Pythium Blight

Pythium Blight

Grasses most commonly affected: perennial ryegrass, creeping bentgrass.

Pythium blight (pythium aphanidermatum, pythium spp.), also referred to as cottony blight and grease spot, occurs in dark patches of grass measuring approximately ½” to 4” in diameter. Greasy-looking and gray in color when wet and yellow in tone after drying, this lawn disease sometimes grows together to form long streaks, usually following a water drainage path on a lawn.

There are more than 20 species of fungus that can result in pythium blight, but pythium aphanidermatum is the most common. Pythium blight’s fungal spores are transported by wind, water, and during lawn mowing. Because of this, the lawn disease often grows in lines following paths where water drainage occurs, or in a lawn’s mowing pattern.

Mycelium, the gray mold created by pythium aphanidermatum, can survive in soil as well as on dead or cut grass blades. It can also generate new spores and infect new plants after only two hours of warm, damp weather conditions.

Pythium Blight Signs and Symptoms

At first, pythium blight looks normal, like dark, damp patches of grass running along damp areas of your grass. Wet, greasy patches can then develop gray mold. Once the infected grass dries, the disease becomes less visible and yellow patches appear where the greasy shapes were.

Pythium aphanidermatum forms gray mycelium or fruiting bodies, giving the “cottony blight” variety of pythium blight its name. Pythium spp. does not form these cottony, gray spores. Pythium aphanidermatum and pythium spp. both damage roots and crowns of grass, which can permanently kill patches of grass if left untreated. The only action to take after this is to plant new grass seeds and wait for them to germinate in the infected area.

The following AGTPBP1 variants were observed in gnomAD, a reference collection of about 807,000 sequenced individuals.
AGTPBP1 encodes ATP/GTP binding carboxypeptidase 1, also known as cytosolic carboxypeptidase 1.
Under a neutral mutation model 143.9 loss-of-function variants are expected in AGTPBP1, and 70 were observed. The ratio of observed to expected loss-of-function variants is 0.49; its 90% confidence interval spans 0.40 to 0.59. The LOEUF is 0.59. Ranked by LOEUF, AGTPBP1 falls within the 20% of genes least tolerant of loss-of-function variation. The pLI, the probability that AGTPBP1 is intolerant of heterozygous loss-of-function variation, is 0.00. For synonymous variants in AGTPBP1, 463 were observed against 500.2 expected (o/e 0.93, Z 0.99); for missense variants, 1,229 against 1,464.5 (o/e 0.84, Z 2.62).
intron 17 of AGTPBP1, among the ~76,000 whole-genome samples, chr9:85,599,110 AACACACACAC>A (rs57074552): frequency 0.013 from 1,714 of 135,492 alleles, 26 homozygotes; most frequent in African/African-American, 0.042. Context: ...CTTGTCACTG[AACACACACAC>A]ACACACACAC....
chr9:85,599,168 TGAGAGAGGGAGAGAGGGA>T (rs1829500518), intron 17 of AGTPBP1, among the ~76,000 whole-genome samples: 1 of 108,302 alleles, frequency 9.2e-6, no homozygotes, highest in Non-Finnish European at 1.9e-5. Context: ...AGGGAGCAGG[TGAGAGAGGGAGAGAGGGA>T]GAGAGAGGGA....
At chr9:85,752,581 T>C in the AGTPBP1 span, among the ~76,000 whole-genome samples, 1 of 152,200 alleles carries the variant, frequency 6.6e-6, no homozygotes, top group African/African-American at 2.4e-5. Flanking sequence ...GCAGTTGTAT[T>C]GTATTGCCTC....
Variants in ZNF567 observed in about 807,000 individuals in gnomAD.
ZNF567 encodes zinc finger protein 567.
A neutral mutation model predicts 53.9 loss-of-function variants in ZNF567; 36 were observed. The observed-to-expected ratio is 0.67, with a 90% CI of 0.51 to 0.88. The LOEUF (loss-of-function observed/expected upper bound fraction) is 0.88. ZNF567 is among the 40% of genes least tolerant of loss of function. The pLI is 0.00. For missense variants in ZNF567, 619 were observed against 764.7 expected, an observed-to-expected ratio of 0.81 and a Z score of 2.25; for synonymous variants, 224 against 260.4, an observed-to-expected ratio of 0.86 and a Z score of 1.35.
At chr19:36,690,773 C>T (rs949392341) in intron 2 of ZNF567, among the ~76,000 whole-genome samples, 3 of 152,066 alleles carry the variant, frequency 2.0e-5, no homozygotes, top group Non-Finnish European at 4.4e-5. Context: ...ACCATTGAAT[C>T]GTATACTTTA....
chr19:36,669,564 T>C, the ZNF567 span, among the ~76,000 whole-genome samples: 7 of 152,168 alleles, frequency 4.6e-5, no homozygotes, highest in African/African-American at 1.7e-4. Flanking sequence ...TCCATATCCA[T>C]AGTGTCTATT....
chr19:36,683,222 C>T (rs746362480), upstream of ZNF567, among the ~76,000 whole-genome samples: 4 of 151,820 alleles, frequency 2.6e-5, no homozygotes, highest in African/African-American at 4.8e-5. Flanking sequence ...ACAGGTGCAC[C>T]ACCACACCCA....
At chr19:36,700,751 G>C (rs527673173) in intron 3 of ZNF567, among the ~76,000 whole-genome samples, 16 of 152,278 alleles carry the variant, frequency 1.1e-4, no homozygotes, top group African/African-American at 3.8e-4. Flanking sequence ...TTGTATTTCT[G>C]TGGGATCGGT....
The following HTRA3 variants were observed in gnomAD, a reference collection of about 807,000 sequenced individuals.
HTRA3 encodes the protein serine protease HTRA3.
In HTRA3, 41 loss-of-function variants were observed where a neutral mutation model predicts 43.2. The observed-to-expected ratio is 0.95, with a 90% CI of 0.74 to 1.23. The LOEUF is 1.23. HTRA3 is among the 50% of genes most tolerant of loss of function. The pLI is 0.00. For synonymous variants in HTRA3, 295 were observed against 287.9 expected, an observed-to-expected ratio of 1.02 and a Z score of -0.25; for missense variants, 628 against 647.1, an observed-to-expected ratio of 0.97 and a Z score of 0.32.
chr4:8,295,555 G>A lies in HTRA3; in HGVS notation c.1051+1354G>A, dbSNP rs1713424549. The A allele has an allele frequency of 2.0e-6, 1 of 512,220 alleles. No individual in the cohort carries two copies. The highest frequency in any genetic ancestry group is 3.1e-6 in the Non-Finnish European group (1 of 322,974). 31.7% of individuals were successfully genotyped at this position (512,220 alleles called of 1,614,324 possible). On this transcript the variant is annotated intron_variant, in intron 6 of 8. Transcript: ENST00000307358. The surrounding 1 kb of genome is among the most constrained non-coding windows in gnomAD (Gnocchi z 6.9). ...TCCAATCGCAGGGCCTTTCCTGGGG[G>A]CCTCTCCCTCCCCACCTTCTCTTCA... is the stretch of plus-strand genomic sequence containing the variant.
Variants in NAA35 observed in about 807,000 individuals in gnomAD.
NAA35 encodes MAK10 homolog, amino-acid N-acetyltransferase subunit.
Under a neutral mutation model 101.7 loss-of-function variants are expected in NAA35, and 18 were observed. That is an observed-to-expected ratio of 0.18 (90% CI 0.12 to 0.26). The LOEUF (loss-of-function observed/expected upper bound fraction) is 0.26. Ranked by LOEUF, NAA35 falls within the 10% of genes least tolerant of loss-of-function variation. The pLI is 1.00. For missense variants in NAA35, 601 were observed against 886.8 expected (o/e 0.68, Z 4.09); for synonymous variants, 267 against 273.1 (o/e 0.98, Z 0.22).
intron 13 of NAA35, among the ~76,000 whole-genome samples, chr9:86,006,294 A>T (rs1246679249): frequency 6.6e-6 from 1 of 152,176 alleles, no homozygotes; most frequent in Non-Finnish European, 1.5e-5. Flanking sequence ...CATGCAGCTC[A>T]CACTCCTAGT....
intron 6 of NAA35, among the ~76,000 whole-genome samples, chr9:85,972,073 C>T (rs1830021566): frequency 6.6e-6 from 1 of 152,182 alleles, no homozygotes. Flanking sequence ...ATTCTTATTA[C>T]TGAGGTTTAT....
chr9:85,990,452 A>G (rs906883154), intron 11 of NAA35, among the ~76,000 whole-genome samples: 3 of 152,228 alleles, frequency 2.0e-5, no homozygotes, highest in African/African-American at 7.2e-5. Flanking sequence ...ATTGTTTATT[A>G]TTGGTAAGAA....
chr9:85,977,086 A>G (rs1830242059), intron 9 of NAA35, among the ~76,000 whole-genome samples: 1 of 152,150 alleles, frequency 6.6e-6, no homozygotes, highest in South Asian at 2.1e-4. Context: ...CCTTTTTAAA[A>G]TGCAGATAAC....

Pythium Blight Prevention

Over-fertilization and overwatering are common causes of pythium blight. The disease flourishes in dense, lush grass, and prefers lawns with poor drainage. Fertilize and water sparingly (once a week at long intervals), aerate the soil to prevent thatch buildup, and loosen compacted soil. Fungicides may be required to rid your yard of pythium blight, especially during long summers. Fungicides are most effective against pythium blight during the greasy, dark green stage of an infection.

Because fungicide treatments can be difficult to apply yourself, many choose professional fungicidal prevention applications. Call Cardinal Lawns today to discuss your options for making your lawn look its best.

Need Help with Pythium Blight?

Call Cardinal Lawns today at 614-808-4446 and let's talk about how we can help treat for Pythium Blight and other common Ohio lawn diseases.

Get a Free Quote